Malaria is the world’s deadliest disease, posing a serious health threat in African and South American countries. Even expats are at risk for catching it. All it takes is one mosquito bite, which is why many countries in sub-Saharan Africa recommend courses of anti-malarial drugs before arrival.
Now a multinational team of researchers has created a “Malaria atlas” to better track the disease’s spread.
The project is the result of a two-year effort by the Wellcome Trust to assemble all the data available worldwide on Plasmodium falciparum malaria, the deadliest variety. In addition to information on the disease itself, the atlas also used data on climate and population. The exact results and methodology were published in Malaria Journal, but the maps are available for free online.
Sir Richard Feachem, Chair of the Malaria Elimination Group, said they are an important tool for fighting the disease:
From the perspective of elimination, the key message is that malaria transmission is actually very low across large swathes of the endemic world–including the 36 countries currently engaged in elimination programmes. Mapping transmission levels in detail helps to guide these initiatives and highlights how, with concerted effort and sustained financing, we can continue to shrink the malaria map.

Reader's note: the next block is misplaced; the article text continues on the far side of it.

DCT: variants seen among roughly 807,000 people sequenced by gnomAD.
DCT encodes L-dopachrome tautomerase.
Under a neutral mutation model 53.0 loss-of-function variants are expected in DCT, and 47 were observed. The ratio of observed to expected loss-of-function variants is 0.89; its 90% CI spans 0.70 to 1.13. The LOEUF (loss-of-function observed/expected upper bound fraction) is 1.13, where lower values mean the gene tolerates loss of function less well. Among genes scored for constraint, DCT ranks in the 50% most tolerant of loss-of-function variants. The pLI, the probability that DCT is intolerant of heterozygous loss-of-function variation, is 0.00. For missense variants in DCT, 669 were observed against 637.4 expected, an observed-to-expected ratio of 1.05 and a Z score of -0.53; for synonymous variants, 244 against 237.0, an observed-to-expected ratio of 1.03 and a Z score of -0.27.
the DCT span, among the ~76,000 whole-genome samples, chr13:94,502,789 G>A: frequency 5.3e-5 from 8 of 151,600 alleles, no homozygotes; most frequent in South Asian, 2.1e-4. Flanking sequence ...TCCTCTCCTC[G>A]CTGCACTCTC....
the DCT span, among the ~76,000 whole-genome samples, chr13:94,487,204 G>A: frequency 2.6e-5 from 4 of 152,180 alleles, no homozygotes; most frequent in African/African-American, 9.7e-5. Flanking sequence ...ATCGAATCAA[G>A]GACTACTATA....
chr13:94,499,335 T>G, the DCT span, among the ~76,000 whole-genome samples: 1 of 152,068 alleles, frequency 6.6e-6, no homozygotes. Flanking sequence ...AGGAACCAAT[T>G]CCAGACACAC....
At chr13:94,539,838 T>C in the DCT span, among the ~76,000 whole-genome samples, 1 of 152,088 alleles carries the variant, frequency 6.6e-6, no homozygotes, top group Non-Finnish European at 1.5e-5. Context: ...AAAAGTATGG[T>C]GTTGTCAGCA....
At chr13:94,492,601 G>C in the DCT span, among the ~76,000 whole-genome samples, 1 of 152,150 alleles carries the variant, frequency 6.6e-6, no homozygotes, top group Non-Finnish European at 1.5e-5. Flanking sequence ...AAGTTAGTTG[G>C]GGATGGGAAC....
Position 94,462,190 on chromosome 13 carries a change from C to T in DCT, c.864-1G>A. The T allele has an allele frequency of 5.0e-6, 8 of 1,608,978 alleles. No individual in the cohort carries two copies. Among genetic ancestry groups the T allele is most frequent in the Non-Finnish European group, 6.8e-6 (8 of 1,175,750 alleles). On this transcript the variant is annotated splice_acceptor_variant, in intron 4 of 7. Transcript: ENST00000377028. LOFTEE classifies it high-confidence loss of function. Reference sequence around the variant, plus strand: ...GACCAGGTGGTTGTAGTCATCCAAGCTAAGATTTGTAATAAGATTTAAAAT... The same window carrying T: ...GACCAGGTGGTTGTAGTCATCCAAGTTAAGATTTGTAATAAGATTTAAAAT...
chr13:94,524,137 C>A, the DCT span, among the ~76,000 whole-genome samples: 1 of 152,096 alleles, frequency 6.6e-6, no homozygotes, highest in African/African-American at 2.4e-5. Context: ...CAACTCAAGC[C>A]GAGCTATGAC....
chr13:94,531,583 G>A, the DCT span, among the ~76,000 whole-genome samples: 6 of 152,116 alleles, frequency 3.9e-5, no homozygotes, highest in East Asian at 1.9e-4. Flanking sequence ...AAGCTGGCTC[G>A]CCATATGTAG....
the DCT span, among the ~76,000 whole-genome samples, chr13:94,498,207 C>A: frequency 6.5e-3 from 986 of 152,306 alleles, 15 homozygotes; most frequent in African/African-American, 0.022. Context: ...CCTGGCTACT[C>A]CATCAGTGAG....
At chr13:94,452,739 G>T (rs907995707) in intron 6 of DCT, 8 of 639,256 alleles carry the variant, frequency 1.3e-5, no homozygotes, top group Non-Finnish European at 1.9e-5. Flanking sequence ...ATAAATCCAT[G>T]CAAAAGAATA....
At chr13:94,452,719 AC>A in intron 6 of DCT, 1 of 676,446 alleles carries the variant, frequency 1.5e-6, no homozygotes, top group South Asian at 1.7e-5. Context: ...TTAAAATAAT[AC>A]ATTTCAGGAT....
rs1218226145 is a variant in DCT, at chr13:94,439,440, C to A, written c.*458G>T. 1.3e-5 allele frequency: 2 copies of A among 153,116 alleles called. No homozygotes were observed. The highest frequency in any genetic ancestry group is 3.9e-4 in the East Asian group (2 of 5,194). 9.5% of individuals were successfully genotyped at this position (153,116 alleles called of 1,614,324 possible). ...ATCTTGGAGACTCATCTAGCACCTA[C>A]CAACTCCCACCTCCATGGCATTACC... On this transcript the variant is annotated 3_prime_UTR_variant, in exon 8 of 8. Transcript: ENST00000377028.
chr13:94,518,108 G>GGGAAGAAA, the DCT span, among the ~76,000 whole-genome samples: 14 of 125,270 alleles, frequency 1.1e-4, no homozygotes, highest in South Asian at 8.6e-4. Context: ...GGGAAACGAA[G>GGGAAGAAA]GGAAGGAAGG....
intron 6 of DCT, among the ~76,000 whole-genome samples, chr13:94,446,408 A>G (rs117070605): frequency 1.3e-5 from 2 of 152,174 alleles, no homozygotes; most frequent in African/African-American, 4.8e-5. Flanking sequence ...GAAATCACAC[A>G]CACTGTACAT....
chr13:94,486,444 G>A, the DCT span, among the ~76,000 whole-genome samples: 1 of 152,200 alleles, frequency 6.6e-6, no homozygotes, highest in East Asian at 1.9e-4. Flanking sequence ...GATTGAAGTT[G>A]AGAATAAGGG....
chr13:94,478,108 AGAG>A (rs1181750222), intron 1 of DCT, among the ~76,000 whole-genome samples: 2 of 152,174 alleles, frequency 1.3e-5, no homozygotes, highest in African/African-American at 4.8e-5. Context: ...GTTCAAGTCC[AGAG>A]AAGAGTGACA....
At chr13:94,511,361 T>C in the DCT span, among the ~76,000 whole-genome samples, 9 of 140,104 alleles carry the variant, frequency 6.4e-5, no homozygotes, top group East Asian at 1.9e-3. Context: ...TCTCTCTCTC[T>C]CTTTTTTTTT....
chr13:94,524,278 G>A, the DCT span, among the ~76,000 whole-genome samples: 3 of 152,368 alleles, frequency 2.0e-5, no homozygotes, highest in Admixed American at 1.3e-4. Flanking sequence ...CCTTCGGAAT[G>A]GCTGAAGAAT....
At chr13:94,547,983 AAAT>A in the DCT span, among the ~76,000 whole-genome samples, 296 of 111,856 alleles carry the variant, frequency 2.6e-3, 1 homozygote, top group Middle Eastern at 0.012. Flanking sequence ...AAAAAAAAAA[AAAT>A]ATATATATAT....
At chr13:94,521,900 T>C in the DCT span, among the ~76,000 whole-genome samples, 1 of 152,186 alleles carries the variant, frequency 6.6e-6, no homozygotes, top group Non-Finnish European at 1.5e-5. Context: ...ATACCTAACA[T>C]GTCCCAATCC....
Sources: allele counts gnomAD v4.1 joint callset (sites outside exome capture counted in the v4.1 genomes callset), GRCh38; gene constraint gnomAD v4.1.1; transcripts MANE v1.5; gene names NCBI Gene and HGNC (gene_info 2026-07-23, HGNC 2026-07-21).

Dr. Pete Gething, who led the research team, added:
These new maps and our online portal are really aimed at everyone involved in the battle against the disease: from the major international organisations and funders, to other scientists, to those actually doing the disease control work on the ground.
For the rest of us they provide a better perspective on how dangerous a disease malaria really is. In some African countries, for example, as many as 70% of children may be infected with malaria. And on a more practical level a quick glance at one of the team’s maps will help travelers decide whether they’ll need anti-malarial drugs on their trip.